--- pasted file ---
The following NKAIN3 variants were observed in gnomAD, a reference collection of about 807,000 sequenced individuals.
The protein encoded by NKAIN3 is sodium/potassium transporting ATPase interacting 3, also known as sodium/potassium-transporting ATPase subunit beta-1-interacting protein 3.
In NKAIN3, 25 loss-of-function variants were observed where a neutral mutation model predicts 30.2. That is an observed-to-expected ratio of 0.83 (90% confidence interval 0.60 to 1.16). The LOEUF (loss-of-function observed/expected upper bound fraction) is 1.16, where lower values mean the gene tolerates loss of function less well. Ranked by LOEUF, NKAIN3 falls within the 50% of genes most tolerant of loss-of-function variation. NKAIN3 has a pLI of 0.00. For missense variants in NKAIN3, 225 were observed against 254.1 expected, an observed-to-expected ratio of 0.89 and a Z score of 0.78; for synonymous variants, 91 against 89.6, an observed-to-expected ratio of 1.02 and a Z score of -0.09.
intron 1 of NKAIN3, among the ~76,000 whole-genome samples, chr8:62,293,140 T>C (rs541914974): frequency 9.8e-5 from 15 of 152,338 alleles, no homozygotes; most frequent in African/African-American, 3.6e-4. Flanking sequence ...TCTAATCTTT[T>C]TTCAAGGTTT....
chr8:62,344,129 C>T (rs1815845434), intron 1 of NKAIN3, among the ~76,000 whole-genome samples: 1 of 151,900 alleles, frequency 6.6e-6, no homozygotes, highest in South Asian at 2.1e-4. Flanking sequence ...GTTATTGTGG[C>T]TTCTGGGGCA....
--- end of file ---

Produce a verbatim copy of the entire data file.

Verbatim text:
The following NKAIN3 variants were observed in gnomAD, a reference collection of about 807,000 sequenced individuals.
The protein encoded by NKAIN3 is sodium/potassium transporting ATPase interacting 3, also known as sodium/potassium-transporting ATPase subunit beta-1-interacting protein 3.
In NKAIN3, 25 loss-of-function variants were observed where a neutral mutation model predicts 30.2. That is an observed-to-expected ratio of 0.83 (90% confidence interval 0.60 to 1.16). The LOEUF (loss-of-function observed/expected upper bound fraction) is 1.16, where lower values mean the gene tolerates loss of function less well. Ranked by LOEUF, NKAIN3 falls within the 50% of genes most tolerant of loss-of-function variation. NKAIN3 has a pLI of 0.00. For missense variants in NKAIN3, 225 were observed against 254.1 expected, an observed-to-expected ratio of 0.89 and a Z score of 0.78; for synonymous variants, 91 against 89.6, an observed-to-expected ratio of 1.02 and a Z score of -0.09.
intron 1 of NKAIN3, among the ~76,000 whole-genome samples, chr8:62,293,140 T>C (rs541914974): frequency 9.8e-5 from 15 of 152,338 alleles, no homozygotes; most frequent in African/African-American, 3.6e-4. Flanking sequence ...TCTAATCTTT[T>C]TTCAAGGTTT....
chr8:62,344,129 C>T (rs1815845434), intron 1 of NKAIN3, among the ~76,000 whole-genome samples: 1 of 151,900 alleles, frequency 6.6e-6, no homozygotes, highest in South Asian at 2.1e-4. Flanking sequence ...GTTATTGTGG[C>T]TTCTGGGGCA....